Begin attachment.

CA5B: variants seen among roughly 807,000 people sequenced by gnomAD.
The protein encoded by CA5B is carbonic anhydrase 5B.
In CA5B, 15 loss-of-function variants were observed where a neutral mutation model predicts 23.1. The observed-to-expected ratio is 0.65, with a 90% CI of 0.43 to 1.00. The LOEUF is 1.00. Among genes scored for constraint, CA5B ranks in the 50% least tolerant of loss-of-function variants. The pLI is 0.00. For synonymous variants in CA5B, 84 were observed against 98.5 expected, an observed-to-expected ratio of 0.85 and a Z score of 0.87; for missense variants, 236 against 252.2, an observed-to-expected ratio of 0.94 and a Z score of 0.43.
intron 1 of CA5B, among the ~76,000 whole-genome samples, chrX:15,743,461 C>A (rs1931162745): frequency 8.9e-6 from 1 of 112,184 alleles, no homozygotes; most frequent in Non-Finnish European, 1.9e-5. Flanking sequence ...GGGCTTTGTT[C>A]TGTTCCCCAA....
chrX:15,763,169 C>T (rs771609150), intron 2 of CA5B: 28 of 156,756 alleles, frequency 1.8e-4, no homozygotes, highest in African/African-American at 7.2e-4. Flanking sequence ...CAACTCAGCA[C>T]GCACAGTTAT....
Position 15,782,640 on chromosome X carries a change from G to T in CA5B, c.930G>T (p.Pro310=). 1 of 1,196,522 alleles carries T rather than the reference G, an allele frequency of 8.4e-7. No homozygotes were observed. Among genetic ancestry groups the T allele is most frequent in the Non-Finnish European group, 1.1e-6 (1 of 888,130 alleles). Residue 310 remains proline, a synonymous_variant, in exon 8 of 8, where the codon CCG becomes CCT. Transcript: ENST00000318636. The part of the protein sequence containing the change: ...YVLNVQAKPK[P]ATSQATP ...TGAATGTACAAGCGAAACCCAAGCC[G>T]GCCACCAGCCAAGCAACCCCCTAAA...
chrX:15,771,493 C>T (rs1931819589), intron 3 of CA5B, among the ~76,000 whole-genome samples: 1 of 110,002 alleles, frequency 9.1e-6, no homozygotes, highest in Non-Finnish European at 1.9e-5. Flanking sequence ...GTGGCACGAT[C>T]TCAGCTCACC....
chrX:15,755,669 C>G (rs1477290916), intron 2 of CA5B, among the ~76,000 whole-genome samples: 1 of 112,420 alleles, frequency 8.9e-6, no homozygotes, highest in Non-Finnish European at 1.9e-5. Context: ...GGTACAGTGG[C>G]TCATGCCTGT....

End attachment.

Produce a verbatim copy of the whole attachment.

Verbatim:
CA5B: variants seen among roughly 807,000 people sequenced by gnomAD.
The protein encoded by CA5B is carbonic anhydrase 5B.
In CA5B, 15 loss-of-function variants were observed where a neutral mutation model predicts 23.1. The observed-to-expected ratio is 0.65, with a 90% CI of 0.43 to 1.00. The LOEUF is 1.00. Among genes scored for constraint, CA5B ranks in the 50% least tolerant of loss-of-function variants. The pLI is 0.00. For synonymous variants in CA5B, 84 were observed against 98.5 expected, an observed-to-expected ratio of 0.85 and a Z score of 0.87; for missense variants, 236 against 252.2, an observed-to-expected ratio of 0.94 and a Z score of 0.43.
intron 1 of CA5B, among the ~76,000 whole-genome samples, chrX:15,743,461 C>A (rs1931162745): frequency 8.9e-6 from 1 of 112,184 alleles, no homozygotes; most frequent in Non-Finnish European, 1.9e-5. Flanking sequence ...GGGCTTTGTT[C>A]TGTTCCCCAA....
chrX:15,763,169 C>T (rs771609150), intron 2 of CA5B: 28 of 156,756 alleles, frequency 1.8e-4, no homozygotes, highest in African/African-American at 7.2e-4. Flanking sequence ...CAACTCAGCA[C>T]GCACAGTTAT....
Position 15,782,640 on chromosome X carries a change from G to T in CA5B, c.930G>T (p.Pro310=). 1 of 1,196,522 alleles carries T rather than the reference G, an allele frequency of 8.4e-7. No homozygotes were observed. Among genetic ancestry groups the T allele is most frequent in the Non-Finnish European group, 1.1e-6 (1 of 888,130 alleles). Residue 310 remains proline, a synonymous_variant, in exon 8 of 8, where the codon CCG becomes CCT. Transcript: ENST00000318636. The part of the protein sequence containing the change: ...YVLNVQAKPK[P]ATSQATP ...TGAATGTACAAGCGAAACCCAAGCC[G>T]GCCACCAGCCAAGCAACCCCCTAAA...
chrX:15,771,493 C>T (rs1931819589), intron 3 of CA5B, among the ~76,000 whole-genome samples: 1 of 110,002 alleles, frequency 9.1e-6, no homozygotes, highest in Non-Finnish European at 1.9e-5. Flanking sequence ...GTGGCACGAT[C>T]TCAGCTCACC....
chrX:15,755,669 C>G (rs1477290916), intron 2 of CA5B, among the ~76,000 whole-genome samples: 1 of 112,420 alleles, frequency 8.9e-6, no homozygotes, highest in Non-Finnish European at 1.9e-5. Context: ...GGTACAGTGG[C>G]TCATGCCTGT....